Adapted from a news release by Keith Posten, president and executive director of the Public School Forum of North Carolina.
RALEIGH, NC (May 18, 2017) – Former North Carolina Senator Howard N. Lee received the 2017 Public School Forum of North Carolina Jay Robinson Education Leadership Award today. The Jay Robinson Education Leadership Award was established by the Public School Forum in 2000 to recognize leaders who have demonstrated innovative, creative, effective leadership for public education in North Carolina.
“Howard Lee has been a leader and a trailblazer his entire life,” said Michael Priddy, chairman of the Public School Forum. “His lifetime of public service in support of children, including serving as our state’s first African-American chairman of the State Board of Education, stands as a shining example of the very best of North Carolina. Howard Lee exemplifies what we look for in selecting our annual award recipient: dedication, leadership and courage.”
Sen. Lee may be best known as the first African-American to be elected mayor of a predominantly white southern town since reconstruction. In 1969, he became mayor of Chapel Hill, an office he would hold for three terms. He was also the first African-American to be a cabinet secretary, as secretary of the N.C. Department of Natural Resources and Community Development, and the first to chair the State Board of Education.
In 1990, Lee was elected to the North Carolina Senate, where he served for 13 years. During his tenure, he held several powerful committee chairmanships; presiding over education, transportation and Appropriations Committees. In the North Carolina Senate, Sen. Lee built his reputation as a fighter for education reform. He fought for higher teacher salaries, increased funding for public education and advocated for raising teacher and student standards. In addition, he sponsored or co-sponsored several major pieces of educational legislation which included Smart Start, More at Four (a pre-kindergarten program), the Excellent Schools Act for school reform, and the Safe Schools Act. In 2003, Sen. Lee was elected chairman of the North Carolina State Board of Education and as a gubernatorial appointment (2005-2009) to the North Carolina Utilities Commission.
During his career, he served as an administrator at Duke University and on the faculty of North Carolina Central University, in addition to being a member of the School of Social Work at the University of North Carolina at Chapel Hill. He has lectured at numerous universities throughout the South and the Nation.” In 2008, he released his biographical memoir, entitled: “The Courage to Lead, One Man’s Journey in Public Service.” In his memoir, Sen. Lee shares his life story and insights about how he survived the oppressive gauntlet of Jim Crow infested South, overcame obstacles, and broke racial barriers as he rose to positions of political prominence and power.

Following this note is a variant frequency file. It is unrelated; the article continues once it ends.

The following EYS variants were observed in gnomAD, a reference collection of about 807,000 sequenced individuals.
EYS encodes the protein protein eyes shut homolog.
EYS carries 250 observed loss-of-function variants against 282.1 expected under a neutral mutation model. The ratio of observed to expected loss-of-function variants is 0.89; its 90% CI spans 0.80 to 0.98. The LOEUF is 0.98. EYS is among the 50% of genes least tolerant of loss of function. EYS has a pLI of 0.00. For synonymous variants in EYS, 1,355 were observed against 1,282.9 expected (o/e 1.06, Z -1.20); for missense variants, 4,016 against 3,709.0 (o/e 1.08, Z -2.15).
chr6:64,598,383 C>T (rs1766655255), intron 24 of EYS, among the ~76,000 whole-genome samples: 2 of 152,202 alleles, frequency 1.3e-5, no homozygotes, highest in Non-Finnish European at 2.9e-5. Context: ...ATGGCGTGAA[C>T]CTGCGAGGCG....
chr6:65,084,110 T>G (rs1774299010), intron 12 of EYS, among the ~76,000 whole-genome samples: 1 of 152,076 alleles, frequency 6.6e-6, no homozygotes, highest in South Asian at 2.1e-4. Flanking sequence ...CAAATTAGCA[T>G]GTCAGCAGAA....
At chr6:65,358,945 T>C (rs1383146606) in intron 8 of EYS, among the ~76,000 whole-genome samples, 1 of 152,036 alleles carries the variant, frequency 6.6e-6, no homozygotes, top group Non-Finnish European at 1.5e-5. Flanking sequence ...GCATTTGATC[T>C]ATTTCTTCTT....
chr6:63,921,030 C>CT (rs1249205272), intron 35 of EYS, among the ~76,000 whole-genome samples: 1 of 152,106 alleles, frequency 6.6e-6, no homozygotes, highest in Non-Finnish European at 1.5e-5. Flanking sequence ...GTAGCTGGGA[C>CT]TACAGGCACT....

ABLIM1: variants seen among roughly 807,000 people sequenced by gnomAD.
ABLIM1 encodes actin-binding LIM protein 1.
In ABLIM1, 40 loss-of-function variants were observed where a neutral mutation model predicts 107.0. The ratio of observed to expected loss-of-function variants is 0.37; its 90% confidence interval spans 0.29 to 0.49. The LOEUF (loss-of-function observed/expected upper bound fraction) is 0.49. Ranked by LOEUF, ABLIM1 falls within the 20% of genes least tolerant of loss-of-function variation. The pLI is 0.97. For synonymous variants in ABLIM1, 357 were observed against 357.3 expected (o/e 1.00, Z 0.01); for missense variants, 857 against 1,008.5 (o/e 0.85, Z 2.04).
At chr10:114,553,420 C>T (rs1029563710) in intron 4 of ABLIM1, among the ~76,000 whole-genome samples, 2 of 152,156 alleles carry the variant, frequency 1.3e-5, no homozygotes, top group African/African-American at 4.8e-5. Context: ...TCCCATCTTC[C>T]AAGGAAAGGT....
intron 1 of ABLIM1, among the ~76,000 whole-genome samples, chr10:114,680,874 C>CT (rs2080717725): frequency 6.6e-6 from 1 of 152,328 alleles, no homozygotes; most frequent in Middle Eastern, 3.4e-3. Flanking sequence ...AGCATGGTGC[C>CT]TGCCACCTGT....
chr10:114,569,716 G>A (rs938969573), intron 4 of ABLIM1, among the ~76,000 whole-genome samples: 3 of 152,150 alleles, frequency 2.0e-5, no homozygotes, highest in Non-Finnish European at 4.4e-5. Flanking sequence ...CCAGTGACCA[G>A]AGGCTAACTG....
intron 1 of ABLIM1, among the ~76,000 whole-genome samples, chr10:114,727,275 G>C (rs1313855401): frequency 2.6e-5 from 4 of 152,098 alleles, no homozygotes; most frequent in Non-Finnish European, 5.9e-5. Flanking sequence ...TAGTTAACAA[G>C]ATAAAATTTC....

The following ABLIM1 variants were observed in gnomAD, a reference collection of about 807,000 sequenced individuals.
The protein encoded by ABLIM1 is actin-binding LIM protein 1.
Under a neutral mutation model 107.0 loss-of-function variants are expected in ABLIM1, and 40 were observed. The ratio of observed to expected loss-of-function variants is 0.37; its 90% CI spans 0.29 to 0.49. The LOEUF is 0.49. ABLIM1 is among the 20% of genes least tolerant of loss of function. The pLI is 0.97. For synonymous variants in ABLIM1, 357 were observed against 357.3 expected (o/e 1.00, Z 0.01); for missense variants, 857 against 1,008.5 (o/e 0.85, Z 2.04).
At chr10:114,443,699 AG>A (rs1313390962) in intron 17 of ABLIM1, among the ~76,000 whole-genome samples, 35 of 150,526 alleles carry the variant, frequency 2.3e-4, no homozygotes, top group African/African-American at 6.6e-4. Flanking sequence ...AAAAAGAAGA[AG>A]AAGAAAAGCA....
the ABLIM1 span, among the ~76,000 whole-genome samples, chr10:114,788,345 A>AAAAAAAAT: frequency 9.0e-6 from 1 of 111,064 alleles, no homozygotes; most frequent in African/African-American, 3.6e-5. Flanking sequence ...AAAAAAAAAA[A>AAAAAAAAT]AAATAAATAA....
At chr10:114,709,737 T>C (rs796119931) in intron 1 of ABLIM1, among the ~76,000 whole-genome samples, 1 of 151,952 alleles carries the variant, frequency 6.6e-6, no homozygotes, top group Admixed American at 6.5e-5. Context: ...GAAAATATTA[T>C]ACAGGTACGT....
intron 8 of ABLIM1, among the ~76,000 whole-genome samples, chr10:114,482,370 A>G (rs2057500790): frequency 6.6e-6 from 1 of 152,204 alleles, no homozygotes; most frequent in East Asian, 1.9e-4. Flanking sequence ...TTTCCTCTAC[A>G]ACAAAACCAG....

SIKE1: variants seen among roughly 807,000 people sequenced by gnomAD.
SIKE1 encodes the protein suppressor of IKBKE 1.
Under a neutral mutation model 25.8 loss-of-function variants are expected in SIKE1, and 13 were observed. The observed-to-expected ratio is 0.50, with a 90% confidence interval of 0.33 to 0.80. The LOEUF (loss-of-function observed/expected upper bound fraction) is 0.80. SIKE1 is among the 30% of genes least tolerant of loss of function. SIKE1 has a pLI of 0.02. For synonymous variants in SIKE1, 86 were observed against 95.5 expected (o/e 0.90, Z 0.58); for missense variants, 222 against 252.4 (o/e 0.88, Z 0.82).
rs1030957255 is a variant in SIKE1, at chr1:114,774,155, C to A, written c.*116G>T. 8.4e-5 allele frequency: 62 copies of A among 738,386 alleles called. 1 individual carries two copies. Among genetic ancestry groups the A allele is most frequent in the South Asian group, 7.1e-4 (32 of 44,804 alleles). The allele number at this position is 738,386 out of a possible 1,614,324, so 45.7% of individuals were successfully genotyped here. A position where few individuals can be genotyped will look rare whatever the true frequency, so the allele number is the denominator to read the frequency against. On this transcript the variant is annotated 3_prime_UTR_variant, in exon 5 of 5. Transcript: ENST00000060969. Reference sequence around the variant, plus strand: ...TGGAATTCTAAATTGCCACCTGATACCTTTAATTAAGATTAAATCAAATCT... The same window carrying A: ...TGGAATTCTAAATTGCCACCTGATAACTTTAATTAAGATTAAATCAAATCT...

Since 2011, Sen. Lee has spent most of his time as president of the Howard N. Lee Institute, focused on developing initiatives in middle and high schools to increase the number of disadvantaged students, especially black boys, graduating from high school prepared to succeed in a post-secondary institution (university or community college).
Howard Nathaniel Lee, born July 28, 1934, grew up on a sharecropper’s farm in Lithonia, Georgia. He graduated from Bruce High School in 1953. He attended Fort Valley State College in Georgia where he received a BA degree in Sociology in 1959. In August 1959, he was drafted and served two years in the United States Army; spending more than one year in Korea. After being honorably discharged from active duty in 1961, he worked for three years as a Juvenile Probation Officer in Savannah, Georgia. In 1964, he enrolled in the graduate School of Social Work at the University of North Carolina at Chapel Hill, North Carolina and received his Master’s Degree in 1966.
About the Jay Robinson Education Leadership Award
The award is named in honor of the late Dr. Jay Robinson, one of our state’s most distinguished education leaders. His career spanned 50 years, beginning as a math teacher and basketball and football coach in Cabarrus County, becoming a school principal and later superintendent of schools in first Cabarrus and then Charlotte-Mecklenburg school systems. He served as vice president for public affairs and special projects for the University of North Carolina system and chaired the State Board of Education. He was also the first president of the Public School Forum and served as an Emeritus Member of the Board until his death in April 2000.
About the Public School Forum of North Carolina
Since 1986, the Public School Forum of North Carolina has been an indispensable and nonpartisan champion of better schools and the most trusted source in the state for research and analysis on vital education issues. We bring together leaders from business, education and government to study education issues, develop ideas, seek consensus, and ultimately inform and shape education policy. We do that through research, policy work, innovative programs, advocacy, and continuing education for educators and policymakers. Follow us on Twitter @theNCForum and visit our website at http://www.ncforum.org/